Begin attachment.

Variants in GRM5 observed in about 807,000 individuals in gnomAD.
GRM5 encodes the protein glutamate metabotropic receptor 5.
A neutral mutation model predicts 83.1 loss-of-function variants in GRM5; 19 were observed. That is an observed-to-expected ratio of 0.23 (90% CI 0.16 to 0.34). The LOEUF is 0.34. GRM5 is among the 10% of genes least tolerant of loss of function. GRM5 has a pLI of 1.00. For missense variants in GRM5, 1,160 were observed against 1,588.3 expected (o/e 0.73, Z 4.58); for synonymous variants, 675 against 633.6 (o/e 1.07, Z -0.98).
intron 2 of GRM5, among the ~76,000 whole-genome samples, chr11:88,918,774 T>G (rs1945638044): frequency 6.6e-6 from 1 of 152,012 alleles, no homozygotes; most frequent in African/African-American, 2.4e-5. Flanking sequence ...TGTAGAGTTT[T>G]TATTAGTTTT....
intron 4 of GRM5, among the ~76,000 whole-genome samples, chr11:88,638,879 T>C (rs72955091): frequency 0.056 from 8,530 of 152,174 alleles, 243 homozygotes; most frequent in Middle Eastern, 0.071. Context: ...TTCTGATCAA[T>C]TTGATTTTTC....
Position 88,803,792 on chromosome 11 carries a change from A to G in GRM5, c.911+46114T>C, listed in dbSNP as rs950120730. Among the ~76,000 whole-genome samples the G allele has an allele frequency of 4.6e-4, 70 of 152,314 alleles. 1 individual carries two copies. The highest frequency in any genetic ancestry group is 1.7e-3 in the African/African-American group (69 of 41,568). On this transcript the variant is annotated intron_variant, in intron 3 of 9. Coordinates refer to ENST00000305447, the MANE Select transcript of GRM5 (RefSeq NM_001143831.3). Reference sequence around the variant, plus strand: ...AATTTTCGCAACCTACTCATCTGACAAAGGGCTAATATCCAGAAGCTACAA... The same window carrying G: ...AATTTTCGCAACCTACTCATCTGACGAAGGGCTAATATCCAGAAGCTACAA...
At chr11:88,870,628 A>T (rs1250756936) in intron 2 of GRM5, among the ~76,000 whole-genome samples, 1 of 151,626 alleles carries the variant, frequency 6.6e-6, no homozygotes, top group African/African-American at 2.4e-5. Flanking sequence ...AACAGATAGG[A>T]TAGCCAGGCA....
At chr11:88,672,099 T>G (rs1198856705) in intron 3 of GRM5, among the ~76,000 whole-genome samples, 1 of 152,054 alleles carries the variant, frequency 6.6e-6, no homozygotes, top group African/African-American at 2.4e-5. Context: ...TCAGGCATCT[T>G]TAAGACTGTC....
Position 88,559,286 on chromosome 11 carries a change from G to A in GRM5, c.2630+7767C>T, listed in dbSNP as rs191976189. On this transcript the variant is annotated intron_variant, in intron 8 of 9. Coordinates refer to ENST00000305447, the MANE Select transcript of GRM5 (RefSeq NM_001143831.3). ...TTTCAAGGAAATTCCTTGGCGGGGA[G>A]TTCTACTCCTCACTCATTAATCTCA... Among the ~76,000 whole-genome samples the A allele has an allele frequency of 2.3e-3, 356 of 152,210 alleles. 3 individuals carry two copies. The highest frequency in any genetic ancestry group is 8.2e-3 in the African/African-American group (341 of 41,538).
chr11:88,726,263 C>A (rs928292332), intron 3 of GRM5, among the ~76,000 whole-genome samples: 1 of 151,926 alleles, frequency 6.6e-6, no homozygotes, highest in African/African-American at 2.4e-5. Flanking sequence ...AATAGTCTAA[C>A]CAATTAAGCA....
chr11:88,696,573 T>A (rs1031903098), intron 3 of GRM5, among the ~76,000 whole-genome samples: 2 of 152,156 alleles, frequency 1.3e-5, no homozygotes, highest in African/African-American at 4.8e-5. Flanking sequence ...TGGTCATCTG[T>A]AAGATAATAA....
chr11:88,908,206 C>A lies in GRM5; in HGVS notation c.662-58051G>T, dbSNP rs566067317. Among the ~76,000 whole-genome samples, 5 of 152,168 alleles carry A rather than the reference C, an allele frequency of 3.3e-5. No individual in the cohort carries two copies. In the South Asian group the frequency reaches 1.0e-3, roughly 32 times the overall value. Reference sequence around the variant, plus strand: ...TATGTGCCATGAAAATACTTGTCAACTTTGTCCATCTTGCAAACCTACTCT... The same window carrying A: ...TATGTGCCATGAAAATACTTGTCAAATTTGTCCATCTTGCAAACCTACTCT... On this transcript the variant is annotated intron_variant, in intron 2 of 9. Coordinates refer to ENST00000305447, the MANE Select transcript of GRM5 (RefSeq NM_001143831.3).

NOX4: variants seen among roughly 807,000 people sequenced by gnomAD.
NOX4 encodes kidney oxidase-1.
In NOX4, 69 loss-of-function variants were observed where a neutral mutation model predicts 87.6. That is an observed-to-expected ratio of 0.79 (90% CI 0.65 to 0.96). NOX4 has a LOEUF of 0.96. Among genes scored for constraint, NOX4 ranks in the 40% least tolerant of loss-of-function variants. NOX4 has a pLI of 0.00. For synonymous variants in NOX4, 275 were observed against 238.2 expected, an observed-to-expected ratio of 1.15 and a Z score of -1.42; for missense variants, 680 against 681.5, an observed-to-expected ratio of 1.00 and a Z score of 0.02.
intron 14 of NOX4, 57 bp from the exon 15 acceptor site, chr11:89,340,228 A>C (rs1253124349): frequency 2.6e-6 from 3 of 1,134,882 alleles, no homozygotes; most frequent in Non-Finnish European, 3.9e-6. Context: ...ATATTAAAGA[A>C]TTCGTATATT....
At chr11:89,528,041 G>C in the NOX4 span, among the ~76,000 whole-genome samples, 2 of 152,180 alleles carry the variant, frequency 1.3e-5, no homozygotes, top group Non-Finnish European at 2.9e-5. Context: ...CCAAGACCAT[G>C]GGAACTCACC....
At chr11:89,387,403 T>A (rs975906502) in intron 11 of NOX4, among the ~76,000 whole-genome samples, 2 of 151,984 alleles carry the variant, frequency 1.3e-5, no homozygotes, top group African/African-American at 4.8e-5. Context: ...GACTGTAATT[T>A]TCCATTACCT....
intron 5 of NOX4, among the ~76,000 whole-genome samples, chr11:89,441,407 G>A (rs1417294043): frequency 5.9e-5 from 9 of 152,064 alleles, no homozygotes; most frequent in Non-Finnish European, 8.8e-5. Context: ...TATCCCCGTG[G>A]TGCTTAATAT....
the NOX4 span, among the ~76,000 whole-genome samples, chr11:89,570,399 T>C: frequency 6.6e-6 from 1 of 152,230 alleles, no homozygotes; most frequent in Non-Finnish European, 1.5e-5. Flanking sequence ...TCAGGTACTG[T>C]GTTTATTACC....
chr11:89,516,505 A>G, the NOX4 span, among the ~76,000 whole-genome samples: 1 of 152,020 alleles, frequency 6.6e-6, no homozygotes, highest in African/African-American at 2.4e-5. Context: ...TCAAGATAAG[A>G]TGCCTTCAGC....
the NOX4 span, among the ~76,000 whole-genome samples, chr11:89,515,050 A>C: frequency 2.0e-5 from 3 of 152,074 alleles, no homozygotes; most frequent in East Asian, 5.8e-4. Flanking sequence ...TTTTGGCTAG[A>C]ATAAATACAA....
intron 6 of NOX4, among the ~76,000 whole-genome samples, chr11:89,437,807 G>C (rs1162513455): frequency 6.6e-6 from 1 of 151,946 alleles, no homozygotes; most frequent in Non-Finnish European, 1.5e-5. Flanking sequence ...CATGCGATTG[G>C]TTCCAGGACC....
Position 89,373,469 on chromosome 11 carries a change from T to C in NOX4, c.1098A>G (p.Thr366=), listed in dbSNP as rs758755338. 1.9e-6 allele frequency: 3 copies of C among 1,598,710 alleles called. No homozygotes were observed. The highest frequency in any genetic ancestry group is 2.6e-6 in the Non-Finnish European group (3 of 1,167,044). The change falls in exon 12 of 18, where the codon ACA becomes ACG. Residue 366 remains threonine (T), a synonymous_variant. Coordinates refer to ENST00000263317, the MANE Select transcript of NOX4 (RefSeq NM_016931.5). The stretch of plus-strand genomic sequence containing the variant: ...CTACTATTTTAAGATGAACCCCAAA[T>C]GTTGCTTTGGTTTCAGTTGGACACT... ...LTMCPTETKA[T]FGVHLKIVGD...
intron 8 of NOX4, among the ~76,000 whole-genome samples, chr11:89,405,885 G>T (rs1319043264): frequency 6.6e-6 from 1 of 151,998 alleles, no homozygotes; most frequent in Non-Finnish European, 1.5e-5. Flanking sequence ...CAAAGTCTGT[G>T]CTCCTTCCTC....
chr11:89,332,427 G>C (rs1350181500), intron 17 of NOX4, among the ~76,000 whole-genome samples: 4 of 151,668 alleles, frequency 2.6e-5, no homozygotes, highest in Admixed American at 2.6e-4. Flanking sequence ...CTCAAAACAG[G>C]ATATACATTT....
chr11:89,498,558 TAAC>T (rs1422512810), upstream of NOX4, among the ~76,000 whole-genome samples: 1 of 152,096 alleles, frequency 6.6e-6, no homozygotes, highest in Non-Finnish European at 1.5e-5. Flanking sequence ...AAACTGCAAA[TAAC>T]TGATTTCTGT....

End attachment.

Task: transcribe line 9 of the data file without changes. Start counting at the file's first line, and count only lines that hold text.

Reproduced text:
Position 88,559,286 on chromosome 11 carries a change from G to A in GRM5, c.2630+7767C>T, listed in dbSNP as rs191976189. On this transcript the variant is annotated intron_variant, in intron 8 of 9. Coordinates refer to ENST00000305447, the MANE Select transcript of GRM5 (RefSeq NM_001143831.3). ...TTTCAAGGAAATTCCTTGGCGGGGA[G>A]TTCTACTCCTCACTCATTAATCTCA... Among the ~76,000 whole-genome samples the A allele has an allele frequency of 2.3e-3, 356 of 152,210 alleles. 3 individuals carry two copies. The highest frequency in any genetic ancestry group is 8.2e-3 in the African/African-American group (341 of 41,538).